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Naa Saami Ranga Review: Not A Perfect Festival Dish

Naa Saami Ranga Review: Not A Perfect Festival Dish

Movie: Naa Saami Ranga
Rating: 2.5/5
Srinivasaa Silver Screen
Cast: Nagarjuna Akkineni, Ashika Ranganath, Allari Naresh, Raj Tarun, Mirnaa Menon, Rukshar Dhillon, Rao Ramesh, Harshavardhan and others
Music: MM Keeravani
Dialogues: Prasanna Kumar Bezawada
DOP: Shivendra Dasaradhi
Editing: Chota K Prasad
Art: DY Satyanarayana
Producers: Srinivasaa Chitturi
Stunts: Ram Laxman, Venkat, Prudhvi
Presents: Pavan Kumar
Screenplay- Direction- Choreography: Vijay Binni
Release Date: Jan 14, 2024

Nagarjuna Akkineni has a strong sentiment tied to the festival of Sankranthi, attributing his consistent success in delivering hits around this time. As a result, he was particularly adamant about releasing the film "Naa Saami Ranga" today.

Has his Sankranthi sentiment proven effective? Let's find out.

The story takes place in a village during the year 1988. Kistaiah (Nagarjuna Akkineni) and Anji (Naresh) are friends who share a deep bond akin to that of brothers. They share a friendship with a girl named Varaalu (Ashika Ranganath). Kistaiah holds great admiration for Peddayya (Nasser), the president of the village, and regards him as a paternal figure.

Anji marries Manga (Mirnaa), while Kistaiah want to marry Varaalu, but faces opposition from Varaalu's father. Despite this, Varaalu attempts to elope with Kistaiah, resulting in her father's tragic demise.

Shocked by her father’s death, Varaalu evades matrimony with Kistaiah. Time elapses. Kistaiah and Anji rescue Baski (Raj Tarun) and his girlfriend (Rukshar), who are both young lovers. Baski also forms a friendship with them.

Due to many incidents, Peddayya's son Dasu (Shabbeer) harbors hostility towards Kistaiah and Anji. Dasu fatally eliminates one of these friends.

Will Kistaiah remain silent? Or take vengeance?

Artistes’ Performances:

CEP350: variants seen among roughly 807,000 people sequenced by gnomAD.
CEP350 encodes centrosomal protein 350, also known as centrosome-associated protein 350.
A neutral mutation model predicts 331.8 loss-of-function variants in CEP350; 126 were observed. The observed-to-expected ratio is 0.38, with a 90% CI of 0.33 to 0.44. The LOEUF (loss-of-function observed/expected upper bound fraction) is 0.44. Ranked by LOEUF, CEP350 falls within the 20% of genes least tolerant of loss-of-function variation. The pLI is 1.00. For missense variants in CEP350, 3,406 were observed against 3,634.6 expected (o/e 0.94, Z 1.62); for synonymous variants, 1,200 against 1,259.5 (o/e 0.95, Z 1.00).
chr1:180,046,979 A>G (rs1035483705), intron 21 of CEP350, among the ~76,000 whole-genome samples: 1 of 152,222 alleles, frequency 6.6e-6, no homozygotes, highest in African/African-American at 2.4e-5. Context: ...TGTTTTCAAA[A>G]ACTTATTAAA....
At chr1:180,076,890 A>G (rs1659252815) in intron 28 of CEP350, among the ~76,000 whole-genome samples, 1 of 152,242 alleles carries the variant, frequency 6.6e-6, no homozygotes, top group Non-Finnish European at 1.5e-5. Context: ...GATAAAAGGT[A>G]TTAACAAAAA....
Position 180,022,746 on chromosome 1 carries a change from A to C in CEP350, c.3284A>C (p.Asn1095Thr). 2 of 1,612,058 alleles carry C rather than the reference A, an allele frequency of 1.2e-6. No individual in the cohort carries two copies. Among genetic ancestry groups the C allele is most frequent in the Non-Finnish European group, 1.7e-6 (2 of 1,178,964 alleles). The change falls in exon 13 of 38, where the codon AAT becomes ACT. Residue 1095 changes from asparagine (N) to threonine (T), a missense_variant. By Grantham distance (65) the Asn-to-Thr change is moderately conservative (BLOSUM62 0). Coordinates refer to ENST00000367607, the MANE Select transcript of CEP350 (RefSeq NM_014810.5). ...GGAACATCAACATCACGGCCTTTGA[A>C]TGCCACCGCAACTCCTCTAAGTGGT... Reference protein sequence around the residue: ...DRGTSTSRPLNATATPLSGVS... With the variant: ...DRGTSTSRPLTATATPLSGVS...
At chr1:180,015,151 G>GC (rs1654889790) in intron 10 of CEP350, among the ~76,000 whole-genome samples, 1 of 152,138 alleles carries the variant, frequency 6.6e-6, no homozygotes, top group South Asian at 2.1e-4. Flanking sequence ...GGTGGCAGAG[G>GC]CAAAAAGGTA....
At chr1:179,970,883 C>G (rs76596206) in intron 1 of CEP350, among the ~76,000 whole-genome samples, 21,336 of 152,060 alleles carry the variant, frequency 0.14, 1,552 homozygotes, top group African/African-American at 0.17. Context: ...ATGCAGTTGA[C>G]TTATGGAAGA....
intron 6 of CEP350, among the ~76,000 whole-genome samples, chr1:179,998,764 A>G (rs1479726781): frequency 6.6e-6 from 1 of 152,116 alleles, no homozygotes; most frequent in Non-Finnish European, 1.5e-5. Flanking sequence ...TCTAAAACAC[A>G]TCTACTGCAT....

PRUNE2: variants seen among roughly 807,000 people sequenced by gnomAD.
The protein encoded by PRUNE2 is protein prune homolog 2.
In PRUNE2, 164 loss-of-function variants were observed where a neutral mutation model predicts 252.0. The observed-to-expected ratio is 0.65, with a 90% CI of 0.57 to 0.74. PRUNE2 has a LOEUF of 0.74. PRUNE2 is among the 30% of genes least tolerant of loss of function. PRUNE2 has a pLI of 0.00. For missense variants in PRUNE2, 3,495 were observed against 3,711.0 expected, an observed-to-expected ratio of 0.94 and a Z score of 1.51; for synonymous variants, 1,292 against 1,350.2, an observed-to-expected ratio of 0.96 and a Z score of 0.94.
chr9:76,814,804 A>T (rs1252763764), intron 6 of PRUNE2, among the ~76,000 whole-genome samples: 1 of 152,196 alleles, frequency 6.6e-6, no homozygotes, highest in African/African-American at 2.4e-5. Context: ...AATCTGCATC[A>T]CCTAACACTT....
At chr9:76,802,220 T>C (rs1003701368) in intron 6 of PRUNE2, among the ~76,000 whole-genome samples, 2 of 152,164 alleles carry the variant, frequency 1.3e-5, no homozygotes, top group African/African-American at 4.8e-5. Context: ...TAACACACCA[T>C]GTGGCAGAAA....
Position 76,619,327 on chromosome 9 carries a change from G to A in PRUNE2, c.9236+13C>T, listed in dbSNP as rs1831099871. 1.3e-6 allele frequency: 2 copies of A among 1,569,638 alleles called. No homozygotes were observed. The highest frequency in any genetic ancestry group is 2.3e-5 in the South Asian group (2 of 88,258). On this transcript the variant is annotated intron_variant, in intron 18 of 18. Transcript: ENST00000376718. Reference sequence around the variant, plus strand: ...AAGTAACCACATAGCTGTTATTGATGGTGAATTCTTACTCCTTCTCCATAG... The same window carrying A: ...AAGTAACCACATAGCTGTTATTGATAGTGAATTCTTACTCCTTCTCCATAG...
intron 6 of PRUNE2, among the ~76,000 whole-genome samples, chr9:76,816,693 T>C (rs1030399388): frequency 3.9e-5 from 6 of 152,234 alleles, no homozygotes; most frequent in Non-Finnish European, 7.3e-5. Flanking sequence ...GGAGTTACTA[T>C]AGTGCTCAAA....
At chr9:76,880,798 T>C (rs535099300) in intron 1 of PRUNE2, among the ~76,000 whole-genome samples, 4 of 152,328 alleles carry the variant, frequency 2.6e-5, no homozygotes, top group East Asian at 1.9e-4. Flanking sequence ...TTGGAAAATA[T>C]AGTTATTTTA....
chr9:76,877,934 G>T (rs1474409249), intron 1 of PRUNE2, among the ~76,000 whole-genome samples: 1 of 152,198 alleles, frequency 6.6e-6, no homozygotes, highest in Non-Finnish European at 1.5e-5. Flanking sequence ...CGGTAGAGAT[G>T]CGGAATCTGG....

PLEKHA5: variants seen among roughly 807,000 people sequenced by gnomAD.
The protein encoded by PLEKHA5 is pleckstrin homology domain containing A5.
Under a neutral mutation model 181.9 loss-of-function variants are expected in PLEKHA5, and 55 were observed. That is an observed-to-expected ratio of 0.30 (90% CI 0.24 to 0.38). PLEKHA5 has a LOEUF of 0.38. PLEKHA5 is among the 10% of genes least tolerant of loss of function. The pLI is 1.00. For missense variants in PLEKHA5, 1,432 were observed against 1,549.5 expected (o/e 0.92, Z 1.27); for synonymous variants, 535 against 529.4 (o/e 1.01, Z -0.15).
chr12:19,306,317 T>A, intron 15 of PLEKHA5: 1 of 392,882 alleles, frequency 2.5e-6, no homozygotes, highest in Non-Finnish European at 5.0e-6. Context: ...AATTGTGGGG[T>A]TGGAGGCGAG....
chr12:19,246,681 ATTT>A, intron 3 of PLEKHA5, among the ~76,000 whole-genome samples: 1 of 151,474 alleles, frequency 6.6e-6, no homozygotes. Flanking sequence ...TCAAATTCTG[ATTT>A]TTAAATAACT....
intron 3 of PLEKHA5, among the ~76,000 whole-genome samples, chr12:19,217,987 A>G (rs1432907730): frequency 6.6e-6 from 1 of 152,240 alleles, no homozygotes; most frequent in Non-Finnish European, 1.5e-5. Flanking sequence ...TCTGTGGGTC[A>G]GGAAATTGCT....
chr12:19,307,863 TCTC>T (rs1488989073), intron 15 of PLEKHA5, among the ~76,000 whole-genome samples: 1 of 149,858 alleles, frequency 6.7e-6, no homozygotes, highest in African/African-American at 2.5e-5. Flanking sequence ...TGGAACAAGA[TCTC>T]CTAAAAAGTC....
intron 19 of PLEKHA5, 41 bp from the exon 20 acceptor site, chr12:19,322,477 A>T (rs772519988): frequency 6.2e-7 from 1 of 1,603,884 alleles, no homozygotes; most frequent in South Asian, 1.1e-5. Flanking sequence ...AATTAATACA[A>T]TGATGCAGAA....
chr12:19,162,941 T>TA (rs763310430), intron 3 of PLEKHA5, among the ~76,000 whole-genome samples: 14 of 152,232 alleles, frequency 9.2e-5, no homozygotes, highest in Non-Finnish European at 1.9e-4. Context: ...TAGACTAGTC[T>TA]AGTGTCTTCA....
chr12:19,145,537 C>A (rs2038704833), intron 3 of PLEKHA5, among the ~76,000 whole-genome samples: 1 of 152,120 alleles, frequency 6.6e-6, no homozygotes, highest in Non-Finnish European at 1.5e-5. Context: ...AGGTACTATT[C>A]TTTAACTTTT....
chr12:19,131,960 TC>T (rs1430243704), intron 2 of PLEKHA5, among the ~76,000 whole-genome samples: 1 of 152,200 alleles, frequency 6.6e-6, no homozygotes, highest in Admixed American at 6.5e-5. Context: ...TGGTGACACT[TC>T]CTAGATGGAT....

Nagarjuna has portrayed a youthful character, much younger than his real age. Nagarjuna is at home in this rural setting. He adeptly manages the role.

Ashika Ranganath looks beautiful. She adeptly displays two shades of her role.

Allari Naresh steals the show as Nagarjuna's friend. He excels in his limited runtime.

Raj Tarun is just okay but the purpose of his character is not justified.

Shabber, the antagonist, asserts his presence but overacts in some scenes. Nasser does a conventional role.

Technical Excellence:
The music composed by MM Keeravani is a mixed bag. Although the background score is fitting, the songs are quite routine. They sync well with the rural theme, yet they don't qualify as hummable except "ettukellipovalanipistunde pilla".

The cinematography and production design are adequate. Dialogue writing is weak.

Festival vibe
Ashika Ranganath

Old-school narration
Boring Second Half
Lack Of Comedy sequences

Nagarjuna Akkineni has a knack for coming up with rural stories that are appropriate for the Sankranthi festival mood. Recent examples include "Soggade Chinni Nayana" and "Bangarraju". In a similar vein, he acted in "Naa Saami Ranga," a film aimed largely at a festival audience.

The plot of the film is also centered around the Sankranthi festival and the Prabhala Teertham, a religious procession that takes place in Konaseema during the festival.

So, everything revolves around this Sankranthi season, from the story to the setting to the target audience. In this regard, "Naa Saami Ranga" passes muster despite the lack of anything exciting.

Based on a Malayalam film by Porinju Mariam Jose, "Naa Saami Ranga" concentrates primarily around three friends and how their lives are affected.

The Telugu version is more commercial, directed by newcomer Vijay Binni. It focuses on the romance between Nagarjuna and Ashika Ranganath.

Certain scenes in the first half are moderately entertaining, while the rest are boring.

Following the interval, the film is supposed to hold attention but fails due to seriousness in narration. Actually, the story's turning point occurs here. The emotional scenes work inadequately. In comparison to the first half, the new director has made it heavy in the second half. In addition, he and his writing team modified the climax of the Malayalam version to the tastes of the Telugu audiences which is okay. Thus, “Naa Saami Ranga” ends on a positive note that is suitable for the festive mood.

The film's major flaw is its use of cliches and old-school narrative techniques. Although the story takes place in the 1980s, the narration should not have been so dated. Comedy sequences should have been written better. The romance between Ashika and Nagarjuna is also quite old fashioned.

Despite this, "Naa Saami Ranga" is a just an okay for this festival season due to its overall packaging, when watched with no expectations. Overall, with the old-school narration and cliches, "Naa Saami Ranga" ends up as an insipid average treat. It's certainly not a wholesome festival entertainer.

Bottom line: Little Outdated Flavor


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